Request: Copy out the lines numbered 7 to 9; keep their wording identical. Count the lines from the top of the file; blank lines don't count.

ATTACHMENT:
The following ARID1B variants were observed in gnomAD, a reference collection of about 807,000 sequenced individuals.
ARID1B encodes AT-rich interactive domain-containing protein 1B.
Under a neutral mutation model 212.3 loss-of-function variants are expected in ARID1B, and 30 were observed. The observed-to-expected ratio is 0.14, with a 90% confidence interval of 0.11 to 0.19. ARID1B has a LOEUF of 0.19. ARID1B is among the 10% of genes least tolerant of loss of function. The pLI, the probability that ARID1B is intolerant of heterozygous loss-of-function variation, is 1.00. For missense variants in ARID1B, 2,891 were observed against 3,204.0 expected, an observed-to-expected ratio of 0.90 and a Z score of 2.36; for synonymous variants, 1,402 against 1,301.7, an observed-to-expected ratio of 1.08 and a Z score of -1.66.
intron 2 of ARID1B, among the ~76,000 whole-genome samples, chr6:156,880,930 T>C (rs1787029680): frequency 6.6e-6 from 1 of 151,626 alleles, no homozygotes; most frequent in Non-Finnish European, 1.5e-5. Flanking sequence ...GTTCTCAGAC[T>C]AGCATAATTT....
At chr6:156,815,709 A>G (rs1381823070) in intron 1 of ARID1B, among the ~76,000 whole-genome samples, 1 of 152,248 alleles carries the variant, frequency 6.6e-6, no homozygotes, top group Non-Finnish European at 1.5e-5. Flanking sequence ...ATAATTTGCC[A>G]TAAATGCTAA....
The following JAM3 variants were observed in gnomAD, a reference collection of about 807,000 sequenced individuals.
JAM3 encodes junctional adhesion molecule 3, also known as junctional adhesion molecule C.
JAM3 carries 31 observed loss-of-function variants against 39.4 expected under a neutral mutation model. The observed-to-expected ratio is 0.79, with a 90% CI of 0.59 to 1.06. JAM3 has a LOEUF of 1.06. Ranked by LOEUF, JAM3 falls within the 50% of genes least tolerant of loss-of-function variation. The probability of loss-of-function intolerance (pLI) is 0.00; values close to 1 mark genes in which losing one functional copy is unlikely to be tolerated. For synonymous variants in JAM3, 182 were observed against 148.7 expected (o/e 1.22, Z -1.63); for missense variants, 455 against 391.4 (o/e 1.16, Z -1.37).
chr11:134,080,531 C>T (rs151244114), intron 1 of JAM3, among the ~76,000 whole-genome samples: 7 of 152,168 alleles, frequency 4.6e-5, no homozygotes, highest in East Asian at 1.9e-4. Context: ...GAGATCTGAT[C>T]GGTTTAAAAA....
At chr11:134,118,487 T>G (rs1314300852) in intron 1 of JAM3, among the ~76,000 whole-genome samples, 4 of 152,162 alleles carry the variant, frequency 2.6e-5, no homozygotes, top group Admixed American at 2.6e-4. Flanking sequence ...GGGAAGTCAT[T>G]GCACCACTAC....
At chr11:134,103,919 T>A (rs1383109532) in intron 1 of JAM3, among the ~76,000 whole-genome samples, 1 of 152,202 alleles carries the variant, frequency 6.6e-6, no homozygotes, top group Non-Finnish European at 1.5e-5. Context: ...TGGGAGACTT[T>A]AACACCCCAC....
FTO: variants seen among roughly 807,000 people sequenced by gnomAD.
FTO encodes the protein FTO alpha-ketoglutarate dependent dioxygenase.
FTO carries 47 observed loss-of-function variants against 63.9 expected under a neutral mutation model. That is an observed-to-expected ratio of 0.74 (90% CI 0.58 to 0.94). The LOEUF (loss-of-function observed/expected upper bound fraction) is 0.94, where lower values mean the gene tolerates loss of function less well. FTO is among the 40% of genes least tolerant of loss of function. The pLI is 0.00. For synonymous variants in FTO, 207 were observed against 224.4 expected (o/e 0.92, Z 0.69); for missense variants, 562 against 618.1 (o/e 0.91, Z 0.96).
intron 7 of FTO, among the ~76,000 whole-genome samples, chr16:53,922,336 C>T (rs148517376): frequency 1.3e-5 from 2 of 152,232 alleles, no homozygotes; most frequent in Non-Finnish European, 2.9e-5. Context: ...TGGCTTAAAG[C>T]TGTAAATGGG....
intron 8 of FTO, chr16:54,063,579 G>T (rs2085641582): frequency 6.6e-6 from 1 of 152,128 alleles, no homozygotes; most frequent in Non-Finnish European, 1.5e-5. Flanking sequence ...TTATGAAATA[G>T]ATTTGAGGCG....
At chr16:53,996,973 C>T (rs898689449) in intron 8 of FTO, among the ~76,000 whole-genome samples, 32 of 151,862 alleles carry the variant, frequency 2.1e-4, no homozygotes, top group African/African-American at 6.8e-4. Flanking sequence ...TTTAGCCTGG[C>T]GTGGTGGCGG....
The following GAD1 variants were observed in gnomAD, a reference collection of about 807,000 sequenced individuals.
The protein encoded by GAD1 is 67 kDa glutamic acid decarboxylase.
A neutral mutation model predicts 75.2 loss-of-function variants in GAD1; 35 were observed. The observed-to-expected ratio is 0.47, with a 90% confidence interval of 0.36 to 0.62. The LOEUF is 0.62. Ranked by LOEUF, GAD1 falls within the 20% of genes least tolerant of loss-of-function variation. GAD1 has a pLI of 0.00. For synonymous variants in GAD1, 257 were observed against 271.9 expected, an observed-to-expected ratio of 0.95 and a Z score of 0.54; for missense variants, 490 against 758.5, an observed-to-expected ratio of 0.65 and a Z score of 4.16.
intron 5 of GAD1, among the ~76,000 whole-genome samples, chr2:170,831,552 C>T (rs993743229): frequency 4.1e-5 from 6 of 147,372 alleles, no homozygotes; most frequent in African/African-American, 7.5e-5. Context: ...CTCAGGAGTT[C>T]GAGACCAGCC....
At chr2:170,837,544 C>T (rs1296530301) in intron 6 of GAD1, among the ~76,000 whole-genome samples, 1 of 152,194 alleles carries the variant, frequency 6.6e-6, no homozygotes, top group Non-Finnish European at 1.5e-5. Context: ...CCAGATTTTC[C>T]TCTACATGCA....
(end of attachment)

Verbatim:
JAM3 encodes junctional adhesion molecule 3, also known as junctional adhesion molecule C.
JAM3 carries 31 observed loss-of-function variants against 39.4 expected under a neutral mutation model. The observed-to-expected ratio is 0.79, with a 90% CI of 0.59 to 1.06. JAM3 has a LOEUF of 1.06. Ranked by LOEUF, JAM3 falls within the 50% of genes least tolerant of loss-of-function variation. The probability of loss-of-function intolerance (pLI) is 0.00; values close to 1 mark genes in which losing one functional copy is unlikely to be tolerated. For synonymous variants in JAM3, 182 were observed against 148.7 expected (o/e 1.22, Z -1.63); for missense variants, 455 against 391.4 (o/e 1.16, Z -1.37).
chr11:134,080,531 C>T (rs151244114), intron 1 of JAM3, among the ~76,000 whole-genome samples: 7 of 152,168 alleles, frequency 4.6e-5, no homozygotes, highest in East Asian at 1.9e-4. Context: ...GAGATCTGAT[C>T]GGTTTAAAAA....